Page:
Expected Behavior for contains()?

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I am seeing odd behavior from the contains() function and I'm not sure if it's a bug or if it's working as expected.
I have two cell arrays of chars: rFootNames is 44x1 and eligNames is 33x1.
rFootNames={'RDP1';'RFCC';'RFM1';'RFM5';'RHeelCirc1';'RHeelCirc2';'RHeelCirc3';'RHeelCirc4';'RHeelCirc5';'RHeelCirc6';'RHeelCirc7';'RHeelCirc8';'RHeelCirc9';...
'RHeelCirc10';'RHeelCirc11';'RHeelCirc12';'RHeelCirc13';'RHeelCirc14';'RHeelCirc15';'RHeelCirc16';'RHeelCirc17';'RHeelCirc18';'RHeelCirc19';...
'RHeelCirc20';'RForeCirc1';'RForeCirc2';'RForeCirc3';'RForeCirc4';'RForeCirc5';'RForeCirc6';'RForeCirc7';'RForeCirc8';'RForeCirc9';'RForeCirc10';...
'RForeCirc11';'RForeCirc12';'RForeCirc13';'RForeCirc14';'RForeCirc15';'RForeCirc16';'RForeCirc17';'RForeCirc18';'RForeCirc19';'RForeCirc20'};
eligNames={'LFCC';'RDP1';'RFM1';'RFM5';'LHeelCirc8';'LHeelCirc9';'LHeelCirc10';'LHeelCirc11';'LHeelCirc12';'LHeelCirc13';'LHeelCirc14';'RHeelCirc1';...
'RHeelCirc2';'RHeelCirc3';'RHeelCirc4';'RHeelCirc5';'RHeelCirc6';'RHeelCirc19';'RHeelCirc20';'RForeCirc1';'RForeCirc2';'RForeCirc3';'RForeCirc4';'RForeCirc5';...
'RForeCirc12';'RForeCirc13';'RForeCirc14';'RForeCirc15';'RForeCirc16';'RForeCirc17';'RForeCirc18';'RForeCirc19';'RForeCirc20'};
When I run
rIdx=contains(rFootNames,eligNames);
the rIdx variable is the same length as rFootNames, as expected, but
sum(rIdx)
ans = 36
comes out to be 36, which is larger than the length of the "eligNames" pat argument, which I thought would be impossible! I think that the correct answer here is 25, which is the number returned by
sum(ismember(rFootNames,eligNames))
ans = 25
How can there be more matches found than elements in "eligNames" when using contains()? Is this expected behavior? What am I missing? Thanks.

Accepted Answer

Stephen
Stephen on 27 Oct 2021
Edited: Stephen on 27 Oct 2021
Exactly as its documentation explains, CONTAINS returns a logical TRUE where pat (second input) is found anywhere within the str (first input), i.e. the pattern can be a partial match of the string i.e. the string contains the pattern. This is very easy to demonstrate using a small subset of your data:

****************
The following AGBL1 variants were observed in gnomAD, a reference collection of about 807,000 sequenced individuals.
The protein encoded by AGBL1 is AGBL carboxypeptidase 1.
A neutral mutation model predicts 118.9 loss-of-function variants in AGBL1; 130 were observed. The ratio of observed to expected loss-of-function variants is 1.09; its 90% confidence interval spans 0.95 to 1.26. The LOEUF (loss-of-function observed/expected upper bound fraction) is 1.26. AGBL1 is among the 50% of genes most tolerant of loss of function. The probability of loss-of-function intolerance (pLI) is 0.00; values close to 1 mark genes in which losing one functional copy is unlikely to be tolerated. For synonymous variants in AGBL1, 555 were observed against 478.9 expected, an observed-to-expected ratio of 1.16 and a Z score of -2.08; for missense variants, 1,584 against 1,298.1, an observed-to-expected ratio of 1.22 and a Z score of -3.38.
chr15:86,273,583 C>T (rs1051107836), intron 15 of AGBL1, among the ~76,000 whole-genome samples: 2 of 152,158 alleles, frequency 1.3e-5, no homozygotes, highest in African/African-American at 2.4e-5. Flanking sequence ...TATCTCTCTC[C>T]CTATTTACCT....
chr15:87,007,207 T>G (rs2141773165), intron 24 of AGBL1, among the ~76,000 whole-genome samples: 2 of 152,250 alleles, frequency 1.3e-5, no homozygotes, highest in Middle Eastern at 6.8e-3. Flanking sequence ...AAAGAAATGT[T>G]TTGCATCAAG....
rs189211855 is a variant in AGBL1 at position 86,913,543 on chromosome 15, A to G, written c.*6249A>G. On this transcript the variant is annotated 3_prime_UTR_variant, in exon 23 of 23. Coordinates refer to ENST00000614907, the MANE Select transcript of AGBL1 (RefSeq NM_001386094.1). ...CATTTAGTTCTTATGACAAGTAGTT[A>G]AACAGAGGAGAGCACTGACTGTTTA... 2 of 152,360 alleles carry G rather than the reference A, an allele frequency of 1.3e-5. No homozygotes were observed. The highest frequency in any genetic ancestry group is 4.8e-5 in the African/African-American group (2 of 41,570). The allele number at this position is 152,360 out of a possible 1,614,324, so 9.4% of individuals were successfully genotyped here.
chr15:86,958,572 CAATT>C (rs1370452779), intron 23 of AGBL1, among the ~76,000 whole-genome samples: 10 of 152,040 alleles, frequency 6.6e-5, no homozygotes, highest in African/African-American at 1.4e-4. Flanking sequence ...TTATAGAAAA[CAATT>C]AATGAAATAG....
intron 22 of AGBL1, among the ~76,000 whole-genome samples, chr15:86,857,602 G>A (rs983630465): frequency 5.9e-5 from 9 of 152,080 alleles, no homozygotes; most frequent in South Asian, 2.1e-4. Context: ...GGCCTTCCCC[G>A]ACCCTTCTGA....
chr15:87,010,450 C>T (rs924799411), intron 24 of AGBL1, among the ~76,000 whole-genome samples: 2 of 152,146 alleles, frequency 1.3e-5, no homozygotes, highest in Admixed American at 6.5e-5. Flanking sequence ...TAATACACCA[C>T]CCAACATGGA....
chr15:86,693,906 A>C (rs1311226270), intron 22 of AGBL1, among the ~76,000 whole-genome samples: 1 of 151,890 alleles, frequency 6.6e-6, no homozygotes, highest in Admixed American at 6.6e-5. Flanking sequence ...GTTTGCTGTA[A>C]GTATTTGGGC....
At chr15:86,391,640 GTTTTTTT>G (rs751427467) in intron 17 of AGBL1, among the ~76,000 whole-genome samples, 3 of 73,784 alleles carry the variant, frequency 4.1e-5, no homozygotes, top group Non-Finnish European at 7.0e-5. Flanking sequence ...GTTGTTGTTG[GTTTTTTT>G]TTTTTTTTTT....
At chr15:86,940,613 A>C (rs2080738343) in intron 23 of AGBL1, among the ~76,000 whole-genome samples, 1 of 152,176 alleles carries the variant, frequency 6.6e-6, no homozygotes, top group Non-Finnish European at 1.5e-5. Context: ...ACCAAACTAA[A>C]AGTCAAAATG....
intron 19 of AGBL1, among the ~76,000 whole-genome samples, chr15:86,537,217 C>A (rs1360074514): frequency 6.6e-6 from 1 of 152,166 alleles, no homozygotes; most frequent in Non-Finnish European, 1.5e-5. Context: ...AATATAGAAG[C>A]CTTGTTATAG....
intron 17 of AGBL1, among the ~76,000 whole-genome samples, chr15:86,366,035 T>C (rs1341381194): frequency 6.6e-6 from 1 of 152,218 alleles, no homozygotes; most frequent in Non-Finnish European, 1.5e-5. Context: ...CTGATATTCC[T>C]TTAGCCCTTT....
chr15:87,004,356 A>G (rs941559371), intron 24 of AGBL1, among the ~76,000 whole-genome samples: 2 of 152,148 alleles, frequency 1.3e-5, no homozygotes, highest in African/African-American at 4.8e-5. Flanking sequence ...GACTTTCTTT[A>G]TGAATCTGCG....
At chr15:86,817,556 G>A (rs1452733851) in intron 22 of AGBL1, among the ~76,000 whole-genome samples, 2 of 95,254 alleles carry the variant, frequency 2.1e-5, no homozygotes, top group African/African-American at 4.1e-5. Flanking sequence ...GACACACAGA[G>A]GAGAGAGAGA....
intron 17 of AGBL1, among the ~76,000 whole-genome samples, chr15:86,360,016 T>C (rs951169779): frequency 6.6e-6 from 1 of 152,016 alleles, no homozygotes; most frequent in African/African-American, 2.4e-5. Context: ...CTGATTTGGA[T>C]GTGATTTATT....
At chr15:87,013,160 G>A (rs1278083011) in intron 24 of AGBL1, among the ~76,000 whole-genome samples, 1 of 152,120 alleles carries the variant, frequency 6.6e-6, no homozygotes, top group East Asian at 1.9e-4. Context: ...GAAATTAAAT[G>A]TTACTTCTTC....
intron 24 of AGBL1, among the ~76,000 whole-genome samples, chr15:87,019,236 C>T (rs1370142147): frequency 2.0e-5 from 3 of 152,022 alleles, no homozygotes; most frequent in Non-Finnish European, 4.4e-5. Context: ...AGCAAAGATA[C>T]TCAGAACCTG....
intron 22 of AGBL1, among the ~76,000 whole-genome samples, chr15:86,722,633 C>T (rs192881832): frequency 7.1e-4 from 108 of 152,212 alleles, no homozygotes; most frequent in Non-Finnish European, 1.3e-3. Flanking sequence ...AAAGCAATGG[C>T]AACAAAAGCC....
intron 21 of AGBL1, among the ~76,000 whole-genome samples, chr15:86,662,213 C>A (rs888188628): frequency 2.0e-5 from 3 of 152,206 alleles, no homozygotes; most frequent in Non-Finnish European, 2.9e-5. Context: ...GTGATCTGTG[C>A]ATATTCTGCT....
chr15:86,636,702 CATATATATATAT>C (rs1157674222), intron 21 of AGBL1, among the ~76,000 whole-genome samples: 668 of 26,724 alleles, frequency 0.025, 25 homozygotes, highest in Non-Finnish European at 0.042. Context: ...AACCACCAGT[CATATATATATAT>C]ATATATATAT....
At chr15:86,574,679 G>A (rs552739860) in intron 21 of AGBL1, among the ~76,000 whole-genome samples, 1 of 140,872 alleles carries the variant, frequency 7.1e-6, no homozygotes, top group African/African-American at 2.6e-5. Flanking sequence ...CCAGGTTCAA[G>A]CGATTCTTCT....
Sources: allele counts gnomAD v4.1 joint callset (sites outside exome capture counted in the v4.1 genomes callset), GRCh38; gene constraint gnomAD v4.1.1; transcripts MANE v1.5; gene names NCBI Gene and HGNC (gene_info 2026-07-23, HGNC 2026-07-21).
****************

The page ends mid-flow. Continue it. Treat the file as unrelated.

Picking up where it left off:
rFootNames = {'RHeelCirc1';'RHeelCirc10'};
eligNames = {'RHeelCirc1'};
rIdx = contains(rFootNames,eligNames)
rIdx = 2×1 logical array
1 1
From your question you apparently do not expect two matches, but this output is correct because "RHeelCirc10" contains the pattern "RHeelCirc1". That is exactly what CONTAINS does: it tells you that both "RHeelCirc1" and "RHeelCirc10" contain the pattern "RHeelCirc1". Hence two perfectly correct matches of that pattern. The fact that one of them happens to exactly match that pattern is totally irrelevant (but is what you apparently expect, given your invalid comparison against the output of ISMEMBER).
"I think that the correct answer here is 25"
Nope, that would be checking for exact matches of the entire strings, not checking for substrings using CONTAINS.
"How can there be more matches found than elements in "eligNames" when using contains()?"
Because the pattern "RHeelCirc1" is contained within "RHeelCirc1" and also within "RHeelCirc10" and also within "RHeelCirc11" and also within "RHeelCirc12" and also within "RHeelCirc13" ... etc. etc. etc.
"Is this expected behavior?"
Yes.

More Answers (1)

Image Analyst
Image Analyst on 27 Oct 2021
Edited: Image Analyst on 27 Oct 2021
Because some of the names in eligNames occur in more than one location of rFootNames so they are counted more than once.
  1 Comment
Mitchell Tillman
Mitchell Tillman on 27 Oct 2021
I don't think that there are any duplicates in either variable, because
isequal(sort(rFootNames),sort(unique(rFootNames)))
and
isequal(sort(eligNames),sort(unique(eligNames)))

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